The observation of pulsars depends on their electromagnetic properties. For pulsars, the most interesting feature is that the emissions are observed at a regular time interval, which can be attributed to the rotation of pulsars and the anisotropy distribution of radiation emission from pulsars. The standard picture of the pulsars is presented by acceleration gap models [6-9, 14]. The charged particles can be accelerated from a gap region of a pulsar, such as a region near magnetic poles of the pulsar in Goldreich's model [14]. In other regions, the electric field can be screened. Thus, the emission beam from the pulsars is originated from the accelerated particles that move along the curved magnetic field line, namely, the curvature radiation. The observation processes are described phenomenologically by a hollow cone model [29, 30]. It geometrically assumes that the emission beams consist of a cone from the magnetic poles of pulsars. Pulsars rotate rapidly together with magnetic poles. The emission beam can not be observed until the cone sweeps to the earth. When the magnetic poles of pulsars point to the earth, the emission beam is observed; it shows a rotational period of a pulsar.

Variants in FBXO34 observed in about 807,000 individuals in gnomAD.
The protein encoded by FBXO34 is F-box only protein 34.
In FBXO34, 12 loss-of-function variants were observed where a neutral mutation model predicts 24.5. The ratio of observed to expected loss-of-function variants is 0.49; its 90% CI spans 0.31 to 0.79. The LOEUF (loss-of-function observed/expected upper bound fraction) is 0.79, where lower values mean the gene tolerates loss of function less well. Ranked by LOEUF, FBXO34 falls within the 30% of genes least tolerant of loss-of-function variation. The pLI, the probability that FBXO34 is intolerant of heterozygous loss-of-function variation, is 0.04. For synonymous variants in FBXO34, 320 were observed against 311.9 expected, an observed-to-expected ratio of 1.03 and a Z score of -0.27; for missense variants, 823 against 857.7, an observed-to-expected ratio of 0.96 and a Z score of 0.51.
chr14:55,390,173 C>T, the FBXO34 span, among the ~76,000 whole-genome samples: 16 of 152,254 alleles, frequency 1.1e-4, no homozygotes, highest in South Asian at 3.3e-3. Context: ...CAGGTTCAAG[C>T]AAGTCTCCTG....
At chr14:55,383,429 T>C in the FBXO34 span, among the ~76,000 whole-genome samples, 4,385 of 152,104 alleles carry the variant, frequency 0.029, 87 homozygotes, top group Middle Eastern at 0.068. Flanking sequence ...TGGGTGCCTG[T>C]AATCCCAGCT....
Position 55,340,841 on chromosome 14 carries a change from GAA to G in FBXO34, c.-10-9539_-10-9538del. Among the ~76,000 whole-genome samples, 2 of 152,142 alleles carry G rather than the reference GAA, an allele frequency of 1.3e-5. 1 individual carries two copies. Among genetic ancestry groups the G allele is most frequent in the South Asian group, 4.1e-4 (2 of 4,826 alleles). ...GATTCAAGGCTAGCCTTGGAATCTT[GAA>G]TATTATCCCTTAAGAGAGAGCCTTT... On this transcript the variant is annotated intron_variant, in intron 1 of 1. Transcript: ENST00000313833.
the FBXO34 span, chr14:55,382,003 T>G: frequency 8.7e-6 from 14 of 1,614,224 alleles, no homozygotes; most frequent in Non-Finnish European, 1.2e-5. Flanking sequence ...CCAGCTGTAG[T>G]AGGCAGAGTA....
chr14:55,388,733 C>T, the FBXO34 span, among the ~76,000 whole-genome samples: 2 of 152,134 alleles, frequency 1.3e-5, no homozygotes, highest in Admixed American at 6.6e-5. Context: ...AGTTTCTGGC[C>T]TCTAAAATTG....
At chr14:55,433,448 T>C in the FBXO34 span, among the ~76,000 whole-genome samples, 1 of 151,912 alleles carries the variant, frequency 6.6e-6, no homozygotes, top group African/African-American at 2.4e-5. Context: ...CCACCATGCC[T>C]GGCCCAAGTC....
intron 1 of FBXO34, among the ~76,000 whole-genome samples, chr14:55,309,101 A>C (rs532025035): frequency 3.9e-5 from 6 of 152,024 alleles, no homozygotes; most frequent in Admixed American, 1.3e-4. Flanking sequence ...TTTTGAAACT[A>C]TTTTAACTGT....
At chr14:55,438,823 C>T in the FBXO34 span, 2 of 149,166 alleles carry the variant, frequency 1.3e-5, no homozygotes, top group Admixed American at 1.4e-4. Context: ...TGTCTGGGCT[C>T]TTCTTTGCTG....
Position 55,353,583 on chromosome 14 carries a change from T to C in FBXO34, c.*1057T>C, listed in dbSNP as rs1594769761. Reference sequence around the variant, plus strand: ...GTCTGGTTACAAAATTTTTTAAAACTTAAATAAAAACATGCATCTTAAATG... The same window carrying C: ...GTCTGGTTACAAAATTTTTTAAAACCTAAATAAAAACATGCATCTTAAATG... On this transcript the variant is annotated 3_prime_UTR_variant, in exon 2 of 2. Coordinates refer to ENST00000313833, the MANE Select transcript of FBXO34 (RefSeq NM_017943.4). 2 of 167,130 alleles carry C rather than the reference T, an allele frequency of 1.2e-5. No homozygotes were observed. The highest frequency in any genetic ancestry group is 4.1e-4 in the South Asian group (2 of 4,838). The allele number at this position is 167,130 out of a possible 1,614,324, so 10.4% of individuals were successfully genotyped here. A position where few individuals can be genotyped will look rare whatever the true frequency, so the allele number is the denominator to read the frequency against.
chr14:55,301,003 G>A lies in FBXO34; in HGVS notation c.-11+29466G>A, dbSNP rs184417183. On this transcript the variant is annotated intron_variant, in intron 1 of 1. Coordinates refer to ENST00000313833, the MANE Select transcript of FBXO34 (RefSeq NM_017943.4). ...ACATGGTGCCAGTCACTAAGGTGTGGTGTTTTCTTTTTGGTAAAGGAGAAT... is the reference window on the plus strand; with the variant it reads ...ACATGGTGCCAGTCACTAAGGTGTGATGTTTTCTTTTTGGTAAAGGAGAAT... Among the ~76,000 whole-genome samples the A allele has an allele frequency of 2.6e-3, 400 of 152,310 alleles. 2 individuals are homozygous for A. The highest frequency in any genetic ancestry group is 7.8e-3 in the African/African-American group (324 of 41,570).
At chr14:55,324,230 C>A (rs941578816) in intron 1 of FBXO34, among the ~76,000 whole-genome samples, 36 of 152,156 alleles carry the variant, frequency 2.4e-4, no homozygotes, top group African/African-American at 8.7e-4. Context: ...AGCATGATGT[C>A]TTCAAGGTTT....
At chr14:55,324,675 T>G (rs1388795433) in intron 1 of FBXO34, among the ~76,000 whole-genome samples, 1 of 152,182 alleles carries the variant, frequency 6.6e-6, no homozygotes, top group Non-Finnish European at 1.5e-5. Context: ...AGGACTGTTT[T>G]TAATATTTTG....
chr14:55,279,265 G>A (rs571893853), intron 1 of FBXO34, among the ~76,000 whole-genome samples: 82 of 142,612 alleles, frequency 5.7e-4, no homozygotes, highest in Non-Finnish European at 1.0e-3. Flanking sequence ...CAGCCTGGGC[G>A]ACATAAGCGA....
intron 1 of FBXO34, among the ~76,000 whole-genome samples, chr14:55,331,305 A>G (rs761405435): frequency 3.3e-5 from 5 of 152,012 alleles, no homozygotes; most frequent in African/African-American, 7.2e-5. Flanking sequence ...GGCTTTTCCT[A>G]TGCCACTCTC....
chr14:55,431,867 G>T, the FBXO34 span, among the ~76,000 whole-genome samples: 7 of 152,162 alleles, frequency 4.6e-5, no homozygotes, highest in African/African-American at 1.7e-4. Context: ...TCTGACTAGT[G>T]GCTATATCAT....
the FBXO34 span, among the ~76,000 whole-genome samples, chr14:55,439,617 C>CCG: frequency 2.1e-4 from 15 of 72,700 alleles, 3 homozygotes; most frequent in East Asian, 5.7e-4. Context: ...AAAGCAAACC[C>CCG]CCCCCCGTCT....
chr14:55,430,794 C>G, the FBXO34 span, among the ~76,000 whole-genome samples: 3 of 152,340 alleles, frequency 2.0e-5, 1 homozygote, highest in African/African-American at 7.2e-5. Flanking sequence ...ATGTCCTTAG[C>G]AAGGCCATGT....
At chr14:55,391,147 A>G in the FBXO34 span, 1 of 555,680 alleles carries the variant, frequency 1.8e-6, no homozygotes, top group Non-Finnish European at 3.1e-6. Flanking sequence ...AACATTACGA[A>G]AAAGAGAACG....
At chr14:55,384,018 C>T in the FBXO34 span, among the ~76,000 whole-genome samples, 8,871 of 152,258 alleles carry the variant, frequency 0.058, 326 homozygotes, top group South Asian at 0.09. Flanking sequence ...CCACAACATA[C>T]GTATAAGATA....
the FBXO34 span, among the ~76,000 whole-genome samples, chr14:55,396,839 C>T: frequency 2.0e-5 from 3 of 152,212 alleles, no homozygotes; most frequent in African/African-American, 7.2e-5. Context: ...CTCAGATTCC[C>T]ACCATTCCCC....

Most of the pulsars are believed to be neutron stars. They are of about $ M_{\odot} $ mass; their radiuses are less than 20 km. Recently, for the first time, a white dwarf star was identified as a pulsar [31]. The emission beam can be X-ray, radio, and gamma-ray [32, 33]. It can be observed by space or ground telescopes. To date, thousands of pulsars have been observed [15]. These pulsars rotate with regular periods in the range from $ 10^{-3} $ to 10 s. Especially, millisecond pulsars have the most regular rotation frequency. Pulsar timing arrays comprising millisecond pulsars are used to detect gravitational waves.

      The surface magnetic field of pulsars ranges from $ 10^4 $ to $ 10^{11}\; {\rm{T}}$ [34]. No detectors are sent to a pulsar. The inferred magnetic fields of pulsars are estimated via the evolution of their rotation frequency Ω. Rotational kinetic energy loss of pulsars equals to the magnetic dipole radiation; it is known as the spin-down equation and given as